London Blackfriars Has World’s Largest Solar Bridge, Generating Enough Power To Give Away 79,000 Free Cups of Tea On Its Launch Day! !


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Today’s post is dedicated to my dear father, who had spent more than fifty years of his life as a civil structure engineer, designing and building bridges (he loved designing & building bridges so much that we even buried him in a boulder next to a bridge). He would have loved this piece!

Blackfriars (Solar) Bridge of London (credit: Network Rail and Solarcentury, )

Network Rail cut the ribbon on the 4,400 solar PV (photovoltaic) panels on Blackfriars Bridge across the River Thames, after almost five years in the making. This is a true testament to London’s effort in becoming a sustainable city. Thanks to Mr. Matthew Sales of Solarcentury, I am able to share a link of the time lapse of the building of the new bridge ( and a video of the launch day (Jan. 22, 2014, Wed.)of Blackfriars (Solar) Bridge, below:

Wow, did you know that solar power generated at Blackfriars (Solar) Bridge produces enough electricity to make 79,000 cups of tea each day or  to power 333 houses all year round? It’s able to meet 50% of the station’s electricity needs, such that this portion of the  electricity demands are met by 4,400 solar panels covering the 6,000 sq meters (equivalent to 23 tennis courts) of the new station.  Blackfriars Bridge 1.1 MWp solar system will be able to generate 900,000 kWh annually and saving 513,000 kg of CO2 annually.Not only has  Blackfriars Bridge demonstrated to us that there is much of  the surface areas of planet earth not yet fully utilized to generate solar power, but also the fact that by having the coverage for bridges,  potentially this will help to reduce the amount of auto accidents and impact of wear and tare on vehicles during snow and rain seasons.

Now, let’s back track for a bit of its history: Blackfriars Railway Bridge is a railway bridge crossing the River Thames in London, between Blackfriars Bridge and the Millennium Bridge. Borrowing from Wikipedia:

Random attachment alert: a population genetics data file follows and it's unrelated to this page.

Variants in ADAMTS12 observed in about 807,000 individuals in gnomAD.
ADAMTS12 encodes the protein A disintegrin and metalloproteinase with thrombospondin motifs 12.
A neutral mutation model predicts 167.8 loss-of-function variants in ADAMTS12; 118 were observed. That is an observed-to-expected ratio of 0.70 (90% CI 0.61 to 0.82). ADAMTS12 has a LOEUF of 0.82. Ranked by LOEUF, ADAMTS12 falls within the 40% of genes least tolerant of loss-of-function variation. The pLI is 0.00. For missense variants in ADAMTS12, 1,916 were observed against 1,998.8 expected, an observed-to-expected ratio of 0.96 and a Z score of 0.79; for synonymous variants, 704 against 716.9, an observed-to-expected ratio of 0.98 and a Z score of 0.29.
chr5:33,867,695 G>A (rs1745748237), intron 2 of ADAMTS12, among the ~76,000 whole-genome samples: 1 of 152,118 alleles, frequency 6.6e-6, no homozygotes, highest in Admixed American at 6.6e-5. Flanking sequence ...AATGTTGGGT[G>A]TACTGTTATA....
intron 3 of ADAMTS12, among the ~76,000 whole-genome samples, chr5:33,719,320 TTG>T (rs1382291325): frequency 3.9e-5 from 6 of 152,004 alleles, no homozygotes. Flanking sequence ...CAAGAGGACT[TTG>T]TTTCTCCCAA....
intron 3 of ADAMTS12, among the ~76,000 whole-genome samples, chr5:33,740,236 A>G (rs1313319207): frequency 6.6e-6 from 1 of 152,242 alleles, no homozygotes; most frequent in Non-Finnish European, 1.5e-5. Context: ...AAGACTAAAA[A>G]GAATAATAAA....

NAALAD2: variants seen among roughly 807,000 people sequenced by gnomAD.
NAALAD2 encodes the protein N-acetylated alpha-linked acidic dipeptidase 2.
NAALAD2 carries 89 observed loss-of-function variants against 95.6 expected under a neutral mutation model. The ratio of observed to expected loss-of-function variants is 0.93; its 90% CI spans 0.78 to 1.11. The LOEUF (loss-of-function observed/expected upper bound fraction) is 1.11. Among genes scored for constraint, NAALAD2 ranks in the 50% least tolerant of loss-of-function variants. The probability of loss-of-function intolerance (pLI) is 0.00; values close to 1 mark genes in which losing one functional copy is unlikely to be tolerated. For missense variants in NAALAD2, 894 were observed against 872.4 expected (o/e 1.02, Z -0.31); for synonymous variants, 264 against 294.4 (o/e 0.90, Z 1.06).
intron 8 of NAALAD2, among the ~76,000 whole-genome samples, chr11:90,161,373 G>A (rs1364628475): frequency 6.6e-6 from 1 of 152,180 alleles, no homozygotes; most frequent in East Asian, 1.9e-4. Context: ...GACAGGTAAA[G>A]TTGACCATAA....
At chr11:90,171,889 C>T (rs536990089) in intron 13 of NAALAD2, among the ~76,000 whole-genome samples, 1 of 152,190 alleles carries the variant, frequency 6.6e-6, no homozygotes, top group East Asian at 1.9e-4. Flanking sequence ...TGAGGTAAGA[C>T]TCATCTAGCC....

There have been two structures with the name. The first bridge was opened in 1864 and was designed by Joseph Cubitt for the London, Chatham and Dover Railway. Massive abutments at each end carried the railway’s insignia, preserved and restored on the south side. Following the formation of the Southern Railway in 1924, inter-city and continental services were concentrated on Waterloo, and St Paul’s Station became a local and suburban stop. For this reason, the use of the original bridge gradually declined. It eventually became too weak to support modern trains, and was therefore removed in 1985 – all that remains is a series of columns crossing the Thames and the southern abutment, which is a Grade II listed structure.The second bridge, built slightly further downstream (to the east), was originally called St Paul’s Railway Bridge and opened in 1886.

Blackfriars Railway Bridge, with the remains of the old bridge in the foreground and St. Paul's Cathedral in the background. The old bridge was dismantled in 1984, leaving these ornate columns. (credit: Creative Commons Attribution-Share Alike 2.5


Blackfriar Bridge viewed from South Bank in July 2003 (credit: creative commons attribution-share alike 3.0













It was designed by John Wolfe-Barry and Henry Marc Bruneland is made of wrought iron. It was built by Lucas & Aird. When St Paul’s railway station changed its name to Blackfriars in 1937 the bridge changed its name as well.

At the southern end of the bridge was Blackfriars Bridge railway station which opened in 1864 before closing to passengers in 1885 following the opening of what is today the main Blackfriars stationBlackfriars Bridge railway station continued as a goods stop until 1964 when it was completely demolished, and much of it redeveloped into offices.

As part of the Thameslink Programme, the platforms at Blackfriars station have been extended across the Thames and partially supported by the 1864 bridge piers. The project is designed by Jacobs and Tony Gee & Partners and built by Balfour Beatty. The work also includes the installation of a roof covered with photovoltiac solar panels. It is the largest of only two solar bridges in the world (the other being Kurilpa Bridge in Australia). Other green improvements include sun pipes and systems to collect rain water .

Let’s hope there will be more solar bridges throughout planet Earth  in decades to come.

Gathered, written, and posted by sunisthefuture-Susan Sun Nunamaker

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